I’ve often said that much of the New Testament might never have been written if there had not been conflict in the early church. When Christians turn to Scripture to address the subject of conflict, the first passage they often quote is Matthew 18. The focus is usually on verses 15-20:
15 “If another member of the church sins against you, go and point out the fault when the two of you are alone. If the member listens to you, you have regained that one. 16 But if you are not listened to, take one or two others along with you, so that every word may be confirmed by the evidence of two or three witnesses. 17 If the member refuses to listen to them, tell it to the church; and if the offender refuses to listen even to the church, let such a one be to you as a Gentile and a tax collector. 18 Truly I tell you, whatever you bind on earth will be bound in heaven, and whatever you loose on earth will be loosed in heaven. 19 Again, truly I tell you, if two of you agree on earth about anything you ask, it will be done for you by my Father in heaven. 20 For where two or three are gathered in my name, I am there among them.”
This is solid instruction which is easier to talk about than it is to follow. Since most of us find conflict so uncomfortable, we would prefer to complain about that brother or sister with whom we are in conflict than to approach them directly. In order to be effective in a one to one conversation, it is helpful to stay focused on the current issue. Be specific in describing the behavior that concerns you. Don’t attribute motivation to the other person: just stick with the facts. Be clear about the impact the behavior of the other person has had upon you. It’s fine to use feeling words like “hurt” or “angry” here. State clearly what you need in order to heal the relationship. Be willing to examine and acknowledge how you have contributed to the conflict. Many times, this conversation will resolve the disagreement.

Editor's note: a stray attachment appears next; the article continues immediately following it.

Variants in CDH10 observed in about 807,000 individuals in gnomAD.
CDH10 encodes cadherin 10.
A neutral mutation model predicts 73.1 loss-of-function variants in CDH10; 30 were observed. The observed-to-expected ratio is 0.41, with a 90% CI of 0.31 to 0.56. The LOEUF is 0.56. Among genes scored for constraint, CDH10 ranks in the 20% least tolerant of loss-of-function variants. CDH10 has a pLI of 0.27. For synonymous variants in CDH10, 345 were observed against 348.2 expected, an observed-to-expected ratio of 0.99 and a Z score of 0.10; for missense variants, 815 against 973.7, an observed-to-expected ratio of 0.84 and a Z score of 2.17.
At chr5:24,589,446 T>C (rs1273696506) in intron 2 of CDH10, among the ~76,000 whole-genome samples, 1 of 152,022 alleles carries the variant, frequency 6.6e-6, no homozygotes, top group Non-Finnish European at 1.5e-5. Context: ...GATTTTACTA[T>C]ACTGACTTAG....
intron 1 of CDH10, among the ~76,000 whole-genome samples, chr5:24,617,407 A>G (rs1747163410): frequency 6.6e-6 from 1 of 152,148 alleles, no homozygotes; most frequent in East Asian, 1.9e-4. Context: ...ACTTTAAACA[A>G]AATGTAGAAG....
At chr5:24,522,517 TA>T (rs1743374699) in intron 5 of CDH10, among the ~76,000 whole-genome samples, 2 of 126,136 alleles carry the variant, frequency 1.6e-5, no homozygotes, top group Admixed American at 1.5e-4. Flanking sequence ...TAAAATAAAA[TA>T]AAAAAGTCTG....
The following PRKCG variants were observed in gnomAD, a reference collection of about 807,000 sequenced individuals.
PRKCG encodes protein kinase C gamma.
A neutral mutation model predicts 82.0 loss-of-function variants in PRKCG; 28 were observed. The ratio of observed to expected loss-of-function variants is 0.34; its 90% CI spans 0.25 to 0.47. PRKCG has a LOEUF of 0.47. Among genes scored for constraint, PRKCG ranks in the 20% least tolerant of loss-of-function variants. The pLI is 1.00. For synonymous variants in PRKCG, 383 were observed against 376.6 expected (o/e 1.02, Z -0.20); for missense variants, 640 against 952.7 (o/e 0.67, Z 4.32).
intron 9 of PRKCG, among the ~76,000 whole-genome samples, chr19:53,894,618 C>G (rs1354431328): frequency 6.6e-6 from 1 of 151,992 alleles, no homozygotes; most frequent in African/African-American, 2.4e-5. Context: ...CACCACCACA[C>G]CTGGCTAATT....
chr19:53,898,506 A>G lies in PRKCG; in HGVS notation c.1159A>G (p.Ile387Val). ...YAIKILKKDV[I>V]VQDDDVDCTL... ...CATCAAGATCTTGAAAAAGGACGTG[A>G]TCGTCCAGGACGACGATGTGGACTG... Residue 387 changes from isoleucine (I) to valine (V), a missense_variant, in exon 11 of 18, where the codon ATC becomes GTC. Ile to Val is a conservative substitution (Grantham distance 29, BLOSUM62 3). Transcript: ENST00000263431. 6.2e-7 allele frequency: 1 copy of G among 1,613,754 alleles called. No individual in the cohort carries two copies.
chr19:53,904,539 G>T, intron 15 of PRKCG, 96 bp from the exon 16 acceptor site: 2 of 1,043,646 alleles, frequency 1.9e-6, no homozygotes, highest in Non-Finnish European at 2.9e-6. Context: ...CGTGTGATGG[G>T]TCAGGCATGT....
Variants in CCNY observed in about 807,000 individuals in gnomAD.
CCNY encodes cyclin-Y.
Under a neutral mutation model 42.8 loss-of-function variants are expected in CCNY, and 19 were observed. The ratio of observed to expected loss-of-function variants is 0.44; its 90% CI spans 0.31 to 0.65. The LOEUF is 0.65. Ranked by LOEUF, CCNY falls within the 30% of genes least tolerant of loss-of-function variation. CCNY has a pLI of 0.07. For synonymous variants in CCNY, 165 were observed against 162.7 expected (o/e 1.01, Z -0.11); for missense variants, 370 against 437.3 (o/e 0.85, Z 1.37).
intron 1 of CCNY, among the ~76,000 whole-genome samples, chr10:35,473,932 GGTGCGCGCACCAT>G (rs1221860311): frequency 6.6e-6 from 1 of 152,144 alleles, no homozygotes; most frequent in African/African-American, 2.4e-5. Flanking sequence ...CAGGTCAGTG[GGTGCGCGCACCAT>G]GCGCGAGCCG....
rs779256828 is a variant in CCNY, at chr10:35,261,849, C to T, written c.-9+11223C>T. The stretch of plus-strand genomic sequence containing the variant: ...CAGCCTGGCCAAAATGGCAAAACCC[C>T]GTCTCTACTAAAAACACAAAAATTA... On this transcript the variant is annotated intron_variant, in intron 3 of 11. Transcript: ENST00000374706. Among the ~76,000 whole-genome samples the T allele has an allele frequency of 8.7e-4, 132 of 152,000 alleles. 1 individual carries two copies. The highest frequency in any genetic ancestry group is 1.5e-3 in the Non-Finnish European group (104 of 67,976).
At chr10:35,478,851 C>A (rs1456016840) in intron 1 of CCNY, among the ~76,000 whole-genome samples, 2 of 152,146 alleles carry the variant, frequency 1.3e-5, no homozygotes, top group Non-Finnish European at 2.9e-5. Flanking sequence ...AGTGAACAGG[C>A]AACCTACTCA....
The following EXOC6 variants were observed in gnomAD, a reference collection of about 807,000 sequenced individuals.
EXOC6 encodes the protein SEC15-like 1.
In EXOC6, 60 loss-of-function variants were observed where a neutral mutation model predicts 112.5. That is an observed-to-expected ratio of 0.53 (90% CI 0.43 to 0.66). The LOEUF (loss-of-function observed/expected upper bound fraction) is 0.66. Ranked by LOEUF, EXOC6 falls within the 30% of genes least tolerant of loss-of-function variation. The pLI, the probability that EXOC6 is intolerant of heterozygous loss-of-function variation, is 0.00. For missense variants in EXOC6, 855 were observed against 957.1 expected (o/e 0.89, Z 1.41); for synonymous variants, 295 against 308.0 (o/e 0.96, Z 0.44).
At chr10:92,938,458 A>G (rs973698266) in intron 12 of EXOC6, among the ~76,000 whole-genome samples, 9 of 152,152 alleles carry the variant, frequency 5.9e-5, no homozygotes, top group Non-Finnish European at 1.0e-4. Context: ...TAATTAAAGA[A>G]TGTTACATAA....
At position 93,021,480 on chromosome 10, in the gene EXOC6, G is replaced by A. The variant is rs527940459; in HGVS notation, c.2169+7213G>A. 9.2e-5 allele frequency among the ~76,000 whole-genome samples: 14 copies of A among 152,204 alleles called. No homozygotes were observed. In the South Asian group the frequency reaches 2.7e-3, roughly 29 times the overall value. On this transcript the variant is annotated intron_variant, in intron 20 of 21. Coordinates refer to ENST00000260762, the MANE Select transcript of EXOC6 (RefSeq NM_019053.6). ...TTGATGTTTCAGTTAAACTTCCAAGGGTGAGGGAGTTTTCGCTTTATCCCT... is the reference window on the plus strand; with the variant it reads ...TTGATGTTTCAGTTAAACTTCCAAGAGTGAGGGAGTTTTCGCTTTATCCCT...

If it doesn’t, Jesus instructs his followers to take one or two others to be part of the conversation. This instruction is often misinterpreted as “take a couple of other people who are on your side to convince the wrongdoer of the error of his/her ways.” The real value of third-party witnesses is that they can be objective, help those involved focus on the facts and facilitate communication. It helps if the third party has the trust of both sides. However, there are some conflicts that are so pervasive that the whole community is involved. In these instances, it is far better to have a transparent, open process of addressing the issues than to resort to gossip in the church parking lot (social media is also not the place to comment or address the current unrest in the congregation)! At low levels of conflict and anxiety, the pastor or lay leadership can facilitate these conversations. If things are “too hot,” however, a third party facilitator is appropriate.
Some readers are disturbed by verse 17b, “If the offender refuses to listen even to the church, let such a one be to you as a Gentile and a tax collector.” We have a hard time understanding why Jesus would suggest such a thing. Remember, though, that through God’s gift of choice, some persons choose to leave relationships. The important part of the teaching is that Jesus always reached out to Gentiles and tax collectors, inviting them into the blessed community. Even when others choose to leave the relationship, we are admonished to leave the door open for reconciliation.
The verses on conflict in Matthew 18 (15-20) are best read in the context of the entire chapter. Verses 1-14 focus on the believer’s responsibility to the least and the lost. Humility is lifted up as the virtue crucial to the kingdom of heaven, and harsh consequences are predicted for those who are stumbling blocks for the more vulnerable. Verses 21-32 focus on the importance of forgiveness and contain the well-known instruction to forgive “seventy times seven.” These two “bookends” describe our posture in engaging conflict: humility and forgiveness. In this environment, we have the best opportunity to settle our differences – in the church and in the community.
The Rev. Evelyn Fisher is director of congregational excellence for the Great Plains Conference. Contact her at email@example.com.